Army Veteran Beth Fynbo Makes Mealtimes Easier for New Parents

As the daughter of an entrepreneur, Beth Fynbo always knew she wanted to be an entrepreneur, too. She just didn’t know what her big entrepreneurial idea would be.

When the Army veteran had her first child, she knew the time had come for that idea to arrive. As her maternity leave ended, she found herself working full-time and commuting 90 minutes each way. Her schedule left just an hour to spend time with her son before putting him to bed.

During that long commute, she resolved to find an idea that would allow her to set her own hours and spend more time with her son. Soon after, Beth was at a restaurant with her friends whose babies were throwing toys on the floor throughout the entire meal. The babies were cute but distracting. It was the moment that sparked Beth’s entrepreneurial idea, the Busy Baby Mat.

First, however, Beth went to Amazon to see if a product existed that could stop babies from throwing everything onto the floor during meals. There was nothing. In lieu of an existing product, Beth decided to make her own.


Her first MVP was a placemat that she made by filling a baking pan with silicone caulk. For her next iteration, she ordered a silicone placemat designed to keep pet food bowls in place and glued on suction cups and fishing tethers tied to toys, and she continued to iterate from there. After five versions, she had a mat she could give to friends to test on their children, and it worked.

Beth knew that the Busy Baby Mat was a legitimate product, but had no idea how to turn it into something people could buy. She contacted a friend from the Army to ask for advice, and the friend recommended Bunker Labs. Beth joined Bunker Lab’s Launch Lab Cohort Presented by U.S. Bank and became the eventual winner of her cohort’s April 2018 Pressure Test pitch competition.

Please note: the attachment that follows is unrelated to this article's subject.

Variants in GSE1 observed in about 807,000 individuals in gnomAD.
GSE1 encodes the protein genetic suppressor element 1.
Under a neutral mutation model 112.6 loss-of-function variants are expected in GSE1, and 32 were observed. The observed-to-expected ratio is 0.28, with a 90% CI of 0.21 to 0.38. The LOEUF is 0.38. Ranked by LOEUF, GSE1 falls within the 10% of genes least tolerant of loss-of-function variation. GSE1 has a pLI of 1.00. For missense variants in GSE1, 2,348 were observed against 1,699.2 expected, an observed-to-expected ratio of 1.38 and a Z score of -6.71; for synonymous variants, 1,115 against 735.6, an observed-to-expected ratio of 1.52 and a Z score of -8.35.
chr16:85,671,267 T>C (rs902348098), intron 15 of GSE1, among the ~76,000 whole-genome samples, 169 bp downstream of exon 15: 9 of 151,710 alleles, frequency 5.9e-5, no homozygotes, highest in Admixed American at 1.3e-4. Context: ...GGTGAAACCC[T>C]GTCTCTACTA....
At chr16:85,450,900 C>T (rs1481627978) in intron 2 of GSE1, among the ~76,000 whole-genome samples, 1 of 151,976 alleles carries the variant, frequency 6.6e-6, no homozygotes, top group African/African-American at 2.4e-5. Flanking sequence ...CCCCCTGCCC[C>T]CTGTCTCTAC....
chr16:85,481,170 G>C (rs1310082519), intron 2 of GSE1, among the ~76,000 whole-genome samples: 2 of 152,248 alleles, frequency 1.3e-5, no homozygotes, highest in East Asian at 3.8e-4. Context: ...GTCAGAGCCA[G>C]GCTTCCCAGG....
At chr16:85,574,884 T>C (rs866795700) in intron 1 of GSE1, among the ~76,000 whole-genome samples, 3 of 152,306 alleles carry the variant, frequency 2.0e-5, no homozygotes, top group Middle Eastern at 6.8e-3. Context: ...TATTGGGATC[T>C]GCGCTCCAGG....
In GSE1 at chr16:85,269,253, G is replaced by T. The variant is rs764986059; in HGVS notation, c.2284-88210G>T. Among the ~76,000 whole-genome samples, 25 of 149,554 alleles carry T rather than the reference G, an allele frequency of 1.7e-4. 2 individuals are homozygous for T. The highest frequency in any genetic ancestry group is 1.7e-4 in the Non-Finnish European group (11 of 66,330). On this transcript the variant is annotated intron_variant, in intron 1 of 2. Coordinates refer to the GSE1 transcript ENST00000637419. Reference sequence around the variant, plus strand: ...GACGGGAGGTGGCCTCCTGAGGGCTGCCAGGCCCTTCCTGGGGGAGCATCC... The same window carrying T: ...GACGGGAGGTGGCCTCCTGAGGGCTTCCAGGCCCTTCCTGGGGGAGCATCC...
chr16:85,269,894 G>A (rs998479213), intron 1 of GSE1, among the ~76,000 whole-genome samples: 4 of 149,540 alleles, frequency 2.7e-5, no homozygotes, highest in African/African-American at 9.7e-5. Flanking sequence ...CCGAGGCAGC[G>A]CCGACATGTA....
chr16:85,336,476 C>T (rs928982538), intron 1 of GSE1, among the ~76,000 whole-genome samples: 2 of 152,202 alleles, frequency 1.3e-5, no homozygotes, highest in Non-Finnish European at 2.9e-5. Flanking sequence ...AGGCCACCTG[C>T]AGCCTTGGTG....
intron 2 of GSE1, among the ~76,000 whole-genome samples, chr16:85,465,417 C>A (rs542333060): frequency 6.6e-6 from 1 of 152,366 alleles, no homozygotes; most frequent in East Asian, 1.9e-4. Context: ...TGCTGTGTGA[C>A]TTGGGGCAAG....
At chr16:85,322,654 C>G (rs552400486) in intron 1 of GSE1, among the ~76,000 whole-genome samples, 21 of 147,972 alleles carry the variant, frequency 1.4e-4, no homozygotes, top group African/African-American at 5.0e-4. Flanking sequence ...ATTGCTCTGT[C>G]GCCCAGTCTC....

Through Launch Lab Cohort, Beth validated that her idea and product had value outside of her circle of friends and family. Knowing that she had a product-market fit gave her the confidence to pursue more the financially risky next steps of scaling her product.

Along the way, Beth encountered numerous challenges including patenting her Busy Baby Mat, finding a team of product developers that could understand and execute her vision, and finding retailers to carry her product once it launches. Throughout, she’s leaned on a mantra she learned in the military: Adapt and overcome.



“When you’re out in the field, you just need to carry on,” Beth said. “If something goes wrong or you’re missing something, you need to be flexible and tackle challenges as they come.”

The mantra worked. “With this journey, I’ve not at any point been discouraged that I don’t know everything or that something isn’t as expected,” she said. “My first thought isn’t to quit or be down on myself, but ‘What do I need to do to make this work?’”

She found her product developers after attending the North American International Toy Fair in New York. The team is based in Utah and also has an office in China, making it easier to inspect manufactured products before accepting a shipment. The product developers are currently working on a full prototype that Beth can test. Provided everything goes well and Beth can raise the requisite funding, she will move forward with her first manufacturing run of 5,000 units in time for the 2018 holiday season.  

Beth values the network of resources Launch Lab Cohort provided and the in-person instruction from University of Minnesota professor Toby Nord, Bunker Labs executive director Tim O’Neil, and Mike Conroy.

Working with other veterans was also a benefit. Beth spent ten years in active duty in the Army, serving first as a electronic warfare linguist. She learned Russian and Serbo-Croatian and was deployed to Bosnia. When she returned from Bosnia, she re-enlisted as a broadcaster. She was stationed in Italy and deployed to Kuwait and Iraq where she worked as one of the first embedded journalists in 2003. She documented and broadcast news stories that were aired on the American Forces Network.

“Veterans share a certain attitude about life that civilians who have never served or been part of the military don’t share,” Beth said. “It’s a lot easier to communicate and network with other veterans.” Working on her business surrounded by other veteran entrepreneurs, she said, was refreshing.